NO OBJECTIVE CRITERIA

Lobby rejects Kebs age limit on truck importation

The state agency proposes to lower the limit from current eight years to not more than three years.

In Summary
  • It also proposes the banning of second-hand trucks after June 2023.
  • The reason given for such measures is to promote the local assembly of such vehicles.
Former CEO of Kenya Transport Association Denis Ombok during a press conference in Mombasa on Tuesday.
TRUCKS AGE LIMIT DEBATE Former CEO of Kenya Transport Association Denis Ombok during a press conference in Mombasa on Tuesday.
Image: LABAN WALLOGA

The First Action Movement has petitioned Parliament to review the lowering of the age limit of second hand trucks to three years as proposed by Kebs.

The organisation said there was no public or stakeholders’ participation preceding the decision.

They said there were no objective criteria for lowering the age limit of trucks from eight years to three years, while the age limit of all other vehicles remains eight years.

Fast Action said the Kenya Bureau of Standards was targeting the road transport sector with punitive measures banning the importation of trucks between 3.5 tonnes and 30 tonnes.

The lobby was addressing the media at their Mombasa offices on Tuesday.

“These trucks are mostly used for short-distance transport of cargo popular with many transporters trying to earn a living. Also targeted are long-distance trucks,” Dennis Ombok, the immediate former KTA chief executive said.

According to Ombok, the previous importation allowed for trucks not more than eight years since the date of their first registration.

However, the new proposal lowers the age limit to a maximum of three years.

It also proposes the banning of second-hand trucks after June 2023.

The reason given for such measures is to promote the local assembly of such vehicles.

“Such measures are punitive and completely unjustified and are calculated to completely kill the road transport sector, giving a monopolistic advantage to haulage of cargo by the Standard Gauge Railway,” he said.

Ombok further said such measures cannot withstand the test of the constitution and could be challenged in courts of law.

Fast Action Movement chairperson Salim Karama said the motor vehicle assembly sector is not able to replace the massive job losses if the road transport sector collapses.

He also said the “protectionist import substitution policies” allegedly geared toward job creation are a future of the last century, and that they have not led to the expected gains.

“The expected job creation from the vehicle assembly plants cannot replace the massive job losses that would result in the killing of the road transport sector,” Karama said.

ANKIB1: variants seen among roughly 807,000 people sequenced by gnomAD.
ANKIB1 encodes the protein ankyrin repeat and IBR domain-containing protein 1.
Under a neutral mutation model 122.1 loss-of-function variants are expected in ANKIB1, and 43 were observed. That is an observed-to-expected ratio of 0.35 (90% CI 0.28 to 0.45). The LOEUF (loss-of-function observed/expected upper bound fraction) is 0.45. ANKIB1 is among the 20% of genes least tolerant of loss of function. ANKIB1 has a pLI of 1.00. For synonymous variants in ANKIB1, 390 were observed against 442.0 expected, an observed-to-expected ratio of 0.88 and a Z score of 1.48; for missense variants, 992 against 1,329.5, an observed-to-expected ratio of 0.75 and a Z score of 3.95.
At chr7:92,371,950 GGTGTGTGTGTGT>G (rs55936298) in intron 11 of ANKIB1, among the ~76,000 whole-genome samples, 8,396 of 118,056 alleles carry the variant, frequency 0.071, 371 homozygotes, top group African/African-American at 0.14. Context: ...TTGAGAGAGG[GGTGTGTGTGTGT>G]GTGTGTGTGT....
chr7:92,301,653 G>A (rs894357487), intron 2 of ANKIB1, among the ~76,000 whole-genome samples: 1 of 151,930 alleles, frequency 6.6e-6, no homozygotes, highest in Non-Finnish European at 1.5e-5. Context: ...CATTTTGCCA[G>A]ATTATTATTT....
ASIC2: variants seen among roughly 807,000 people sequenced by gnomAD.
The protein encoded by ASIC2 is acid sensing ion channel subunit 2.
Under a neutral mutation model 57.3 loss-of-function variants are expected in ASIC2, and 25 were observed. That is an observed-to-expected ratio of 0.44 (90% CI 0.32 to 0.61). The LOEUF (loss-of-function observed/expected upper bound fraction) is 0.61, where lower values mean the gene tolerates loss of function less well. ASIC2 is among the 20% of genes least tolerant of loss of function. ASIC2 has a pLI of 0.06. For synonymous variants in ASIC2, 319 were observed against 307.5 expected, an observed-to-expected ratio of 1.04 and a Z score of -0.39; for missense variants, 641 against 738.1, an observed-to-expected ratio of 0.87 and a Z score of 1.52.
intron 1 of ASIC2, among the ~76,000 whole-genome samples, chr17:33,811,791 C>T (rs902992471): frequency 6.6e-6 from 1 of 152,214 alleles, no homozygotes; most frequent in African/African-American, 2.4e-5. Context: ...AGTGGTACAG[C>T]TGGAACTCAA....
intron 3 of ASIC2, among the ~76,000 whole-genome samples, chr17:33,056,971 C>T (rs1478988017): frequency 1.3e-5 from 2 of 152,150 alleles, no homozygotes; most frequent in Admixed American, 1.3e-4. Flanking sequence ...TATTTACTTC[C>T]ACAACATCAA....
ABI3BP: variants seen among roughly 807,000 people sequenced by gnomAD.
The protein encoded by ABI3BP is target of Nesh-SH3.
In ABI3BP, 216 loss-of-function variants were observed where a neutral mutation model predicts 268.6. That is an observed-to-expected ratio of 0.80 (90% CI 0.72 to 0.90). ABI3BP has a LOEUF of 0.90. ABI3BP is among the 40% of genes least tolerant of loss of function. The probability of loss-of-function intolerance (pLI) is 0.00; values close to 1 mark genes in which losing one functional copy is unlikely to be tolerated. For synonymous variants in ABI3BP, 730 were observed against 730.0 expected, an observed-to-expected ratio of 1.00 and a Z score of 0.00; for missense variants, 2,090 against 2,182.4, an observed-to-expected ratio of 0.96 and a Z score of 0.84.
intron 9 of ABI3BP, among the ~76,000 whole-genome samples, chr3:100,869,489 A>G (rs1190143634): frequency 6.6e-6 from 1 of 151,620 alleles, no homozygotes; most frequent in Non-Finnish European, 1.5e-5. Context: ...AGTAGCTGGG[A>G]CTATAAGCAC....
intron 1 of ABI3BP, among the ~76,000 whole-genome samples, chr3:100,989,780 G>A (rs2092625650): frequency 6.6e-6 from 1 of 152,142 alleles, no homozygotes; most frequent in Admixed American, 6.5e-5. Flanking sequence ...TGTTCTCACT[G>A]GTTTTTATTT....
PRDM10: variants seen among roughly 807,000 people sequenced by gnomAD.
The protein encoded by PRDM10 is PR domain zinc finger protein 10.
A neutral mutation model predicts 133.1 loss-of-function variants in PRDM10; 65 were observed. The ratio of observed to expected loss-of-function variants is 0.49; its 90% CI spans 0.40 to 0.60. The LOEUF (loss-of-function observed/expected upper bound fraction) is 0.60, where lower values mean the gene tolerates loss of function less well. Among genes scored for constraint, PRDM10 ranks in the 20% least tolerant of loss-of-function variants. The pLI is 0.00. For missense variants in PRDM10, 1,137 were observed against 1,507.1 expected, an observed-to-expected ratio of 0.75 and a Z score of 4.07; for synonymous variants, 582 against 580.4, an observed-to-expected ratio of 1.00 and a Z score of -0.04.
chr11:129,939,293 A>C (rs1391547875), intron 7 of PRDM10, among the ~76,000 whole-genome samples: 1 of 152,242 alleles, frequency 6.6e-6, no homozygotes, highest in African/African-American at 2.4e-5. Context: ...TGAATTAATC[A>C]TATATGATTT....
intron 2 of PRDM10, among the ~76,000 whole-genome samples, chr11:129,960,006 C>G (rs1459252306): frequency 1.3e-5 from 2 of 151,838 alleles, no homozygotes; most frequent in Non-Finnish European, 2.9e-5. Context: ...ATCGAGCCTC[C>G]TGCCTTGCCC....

He further said Kenya’s unilateral decision offends the East African region protocols concerning the transport sector where uniformity of rules and laws is a requirement.

“These short-sighted policies will encourage transport companies to shift base to Tanzania and Uganda from where they would be able to enjoy better terms. This will be detrimental to our economy,” he said.

The movement also reacted to reports that global shipping lines using the Port of Mombasa had started taking over the business of clearing and forwarding, thereby monopolising the entire transport chain.

They said this was a predatory development that was unheard of and was going to result in the complete collapse of the local clearing and forwarding firms.

“This is an industry that employs more than 10,000 people. At risk are more than 1,000 clearing and forwarding firms,” Karama said.

He also said there cannot be any justification for such a move that will devastate the local economy in favour of multinational companies.

Such companies, he said, were governed by strict anti-trust laws in their countries.

“We cannot and should not surrender our sovereignty to foreign interests. These acts amount to neo-colonisation and it must be resisted at all costs.”

Murshid Abdalla, a stakeholder in the sector who is also vying for the Mvita parliamentary seat, asked Parliament to rein in on the Executive and fully protect the interest of Kenyans.

He asked the MPs to reverse the punitive policies, and, instead, put in place firm measures to regulate the maritime and logistic sector, to fully protect the people of Kenya.

“We are dismayed at the continued onslaught against the two main drivers of the coastal economy, the port and transport sector. The time has come now to draw a firm line on such excesses,” he said.

“We shall judge our MPs and the parties they support in the manner in which they addressed these issues and we shall actively sensitise and mobilise the electorate to make the right choices come August.”

 

(edited by Amol Awuor)

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